Showing = Reader’s Experience – Part 1

image by Lilawind

It’s my pleasure to introduce editor Vie Herlocker, my guest today while I’m on a writing sabbatical. Please learn more about Vie after her post. Here’s Vie:

Often during an edit, I’ll type the time-worn words, “Show, don’t tell.” But what exactly moves writing from telling to showing? And just how can writers create this thing calling showing?

Janet Burroway, professor at Florida State University, in Edition 9 (Edition 10 released in April 2019) of her book, Writing Fiction, A Guide to Narrative Craft, describes the challenge of showing on the written page:

Fiction tries to reproduce the emotional impact of experience. And this is a more difficult task, because unlike the images of film and drama, which directly strike the eye and ear, words are transmitted first to the mind, where they must be translated into images. (p. 21, Ninth Edition)

Burroway encourages writers to move beyond the words and the thoughts the words produce, focusing instead on the resulting experience the reader feels. She shares five writing tools to create experiences—some of which you may have not considered as a counterpart to showing:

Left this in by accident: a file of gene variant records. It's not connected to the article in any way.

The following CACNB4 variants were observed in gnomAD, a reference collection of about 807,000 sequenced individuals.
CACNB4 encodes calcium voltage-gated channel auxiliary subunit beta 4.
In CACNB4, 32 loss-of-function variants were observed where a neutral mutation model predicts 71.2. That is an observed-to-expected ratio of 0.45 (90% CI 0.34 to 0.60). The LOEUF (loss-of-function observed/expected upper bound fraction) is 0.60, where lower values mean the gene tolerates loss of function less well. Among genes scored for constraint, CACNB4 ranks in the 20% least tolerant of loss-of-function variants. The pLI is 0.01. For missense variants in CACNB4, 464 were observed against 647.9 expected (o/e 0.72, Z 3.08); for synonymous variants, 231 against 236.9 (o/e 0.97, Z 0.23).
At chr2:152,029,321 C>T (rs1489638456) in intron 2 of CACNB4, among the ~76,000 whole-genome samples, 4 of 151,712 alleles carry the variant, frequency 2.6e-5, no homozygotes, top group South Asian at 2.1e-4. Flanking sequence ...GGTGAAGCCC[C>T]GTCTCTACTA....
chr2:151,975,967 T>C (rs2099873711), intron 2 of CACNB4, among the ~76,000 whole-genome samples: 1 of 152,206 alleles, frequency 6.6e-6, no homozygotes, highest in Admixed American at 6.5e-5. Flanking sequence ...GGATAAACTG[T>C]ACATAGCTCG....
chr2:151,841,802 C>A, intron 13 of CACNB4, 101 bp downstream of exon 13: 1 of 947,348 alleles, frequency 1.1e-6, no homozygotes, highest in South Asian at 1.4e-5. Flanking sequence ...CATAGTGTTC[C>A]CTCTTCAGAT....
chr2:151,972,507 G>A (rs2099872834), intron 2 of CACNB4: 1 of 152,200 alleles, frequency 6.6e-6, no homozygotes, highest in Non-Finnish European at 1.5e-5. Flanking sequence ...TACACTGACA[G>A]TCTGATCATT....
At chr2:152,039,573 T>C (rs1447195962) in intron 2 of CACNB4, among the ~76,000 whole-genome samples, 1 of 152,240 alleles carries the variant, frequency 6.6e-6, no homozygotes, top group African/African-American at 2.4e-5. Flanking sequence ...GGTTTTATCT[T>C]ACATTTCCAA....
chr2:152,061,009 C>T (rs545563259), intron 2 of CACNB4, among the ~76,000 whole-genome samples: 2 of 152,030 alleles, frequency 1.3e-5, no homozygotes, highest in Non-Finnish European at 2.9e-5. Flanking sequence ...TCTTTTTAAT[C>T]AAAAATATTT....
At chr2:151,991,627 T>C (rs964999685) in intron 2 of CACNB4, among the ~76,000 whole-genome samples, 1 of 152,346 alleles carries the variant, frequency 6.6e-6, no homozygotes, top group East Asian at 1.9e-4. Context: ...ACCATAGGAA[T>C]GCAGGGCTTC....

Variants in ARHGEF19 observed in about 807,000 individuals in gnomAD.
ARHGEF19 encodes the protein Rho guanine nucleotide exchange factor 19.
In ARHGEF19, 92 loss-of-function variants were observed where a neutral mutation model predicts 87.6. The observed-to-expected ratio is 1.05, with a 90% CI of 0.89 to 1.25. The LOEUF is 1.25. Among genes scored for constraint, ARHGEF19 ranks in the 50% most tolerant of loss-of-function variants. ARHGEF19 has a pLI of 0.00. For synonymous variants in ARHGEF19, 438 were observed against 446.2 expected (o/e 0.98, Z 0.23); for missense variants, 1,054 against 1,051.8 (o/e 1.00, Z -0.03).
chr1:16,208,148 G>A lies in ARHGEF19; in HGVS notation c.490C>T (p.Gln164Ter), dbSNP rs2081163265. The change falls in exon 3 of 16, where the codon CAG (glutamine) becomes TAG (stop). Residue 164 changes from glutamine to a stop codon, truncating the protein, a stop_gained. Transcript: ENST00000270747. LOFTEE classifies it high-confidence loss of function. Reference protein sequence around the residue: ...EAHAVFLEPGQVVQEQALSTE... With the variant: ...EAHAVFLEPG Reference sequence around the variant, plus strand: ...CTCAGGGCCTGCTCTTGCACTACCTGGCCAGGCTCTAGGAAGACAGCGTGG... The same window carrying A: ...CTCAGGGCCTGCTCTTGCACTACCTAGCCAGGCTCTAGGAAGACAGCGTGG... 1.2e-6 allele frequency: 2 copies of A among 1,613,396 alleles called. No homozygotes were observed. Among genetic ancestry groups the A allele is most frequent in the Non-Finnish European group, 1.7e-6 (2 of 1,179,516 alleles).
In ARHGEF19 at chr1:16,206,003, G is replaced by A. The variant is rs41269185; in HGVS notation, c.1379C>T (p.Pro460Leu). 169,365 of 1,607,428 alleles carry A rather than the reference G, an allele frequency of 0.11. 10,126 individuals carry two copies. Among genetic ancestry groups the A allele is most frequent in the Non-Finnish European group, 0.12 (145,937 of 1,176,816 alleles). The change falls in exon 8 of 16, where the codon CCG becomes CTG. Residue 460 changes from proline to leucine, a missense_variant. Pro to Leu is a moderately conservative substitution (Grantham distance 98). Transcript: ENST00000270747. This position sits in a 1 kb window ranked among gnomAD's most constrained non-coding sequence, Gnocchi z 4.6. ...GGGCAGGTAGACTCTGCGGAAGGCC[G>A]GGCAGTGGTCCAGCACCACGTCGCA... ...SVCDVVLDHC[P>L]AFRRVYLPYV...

1. Significant details (specific, definite, concrete, particular) 
    1. A detail is definite and concrete when it appeals to the senses. These bring life to fiction.
    2. Avoid naming (telling) emotions: Mary was embarrassed. Show details: Mary turned her head, but not before the wave of red swept from her neck to her forehead. 
  2. Comparison (some work, some don’t) 
    1. Simile and metaphor are the most used comparison tools. Simile uses like or as in comparison: Her smile was like sunrise to my soul. A metaphor does not: Her smile was sunrise to my soul.